Construction unions are reaching a serious crossroads in New York. For years, utilizing political muscle and other forms of intimidation, they dominated building in the city-squashing non-union efforts easily like a bug. But then things began to change as the death grip of organized labor was slowly removed and contractors began to see how costly and inefficient the building trades had become.
Mayor Bill de Blasio is urging the state legislature to change the law to permit the city to promote larger residential buildings that would pave the way for more affordable housing in the city
In today’s Crain’s, Brooklyn Borough President Eric Adams highlights the fact that the construction unions that are loudly demanding that affordable housing developments hire their own members at a high prevailing wage scale, “…lack the [...]
It’s always sad when New York City politics and bureaucracy kill an entrepreneur’s dream. But one such story, recounted by our Peter D’Amato in last week’s Crain’s, is especially infuriating because the innovator, crane operator Dan Mooney, wasn’t the only victim. The whole city lost.
Business magazine Crain's New York Business investigates why an innovative, compact crane called the "Skypicker" is not allowed to operate in the city after multiple successful runs on a Manhattan Construction site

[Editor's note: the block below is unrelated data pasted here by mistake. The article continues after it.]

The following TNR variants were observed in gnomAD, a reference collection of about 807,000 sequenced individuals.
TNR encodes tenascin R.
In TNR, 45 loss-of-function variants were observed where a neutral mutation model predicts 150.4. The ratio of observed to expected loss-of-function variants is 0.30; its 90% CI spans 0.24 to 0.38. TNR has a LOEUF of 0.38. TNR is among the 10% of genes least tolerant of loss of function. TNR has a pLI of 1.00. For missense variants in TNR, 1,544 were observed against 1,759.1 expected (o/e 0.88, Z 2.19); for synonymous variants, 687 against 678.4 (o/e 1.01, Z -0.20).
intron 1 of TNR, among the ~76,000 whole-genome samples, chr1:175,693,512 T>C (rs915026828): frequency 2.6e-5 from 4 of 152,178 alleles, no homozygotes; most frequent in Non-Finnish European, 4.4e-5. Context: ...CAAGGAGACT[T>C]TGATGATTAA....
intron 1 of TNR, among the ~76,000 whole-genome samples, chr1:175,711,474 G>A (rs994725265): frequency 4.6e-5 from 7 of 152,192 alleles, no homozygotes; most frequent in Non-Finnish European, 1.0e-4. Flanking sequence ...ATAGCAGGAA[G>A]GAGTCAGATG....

Late last month, Gov. Andrew Cuomo made it clear that he cares more about political connections than empowering workers in New York. This should be deeply concerning for taxpayers and for those who want to create more middle-class jobs throughout the state.
A leading opponent of construction unions is demanding that City Councilwoman Elizabeth Crowley return union campaign contributions, saying she is pushing a bill that would directly benefit her donors.
BuildingNYC, a coalition of 12 “merit-based” developers and contractors, is partnering with the Associated Builders and Contractors, a national federation of nonunion companies whose members provide training in the trades.
Key program to produce affordable housing is losing out to myopic and selfish pleading by organized labor
The Real Deal: Just kidding: IBO corrects its 421a report, says prevailing wage requirement would actually cost city $4.2B
From The Real Deal: The Independent Budget Office says it botched a recent report on affordable housing by drastically underestimating the impact of requiring prevailing wages on projects benefiting from the 421a property tax break. [...]
From Crain's New York Business: IBO rechecks its data and says the added burden is a whopping 23% Using union labor to build affordable housing under the mayor's ambitious program will be almost twice as [...]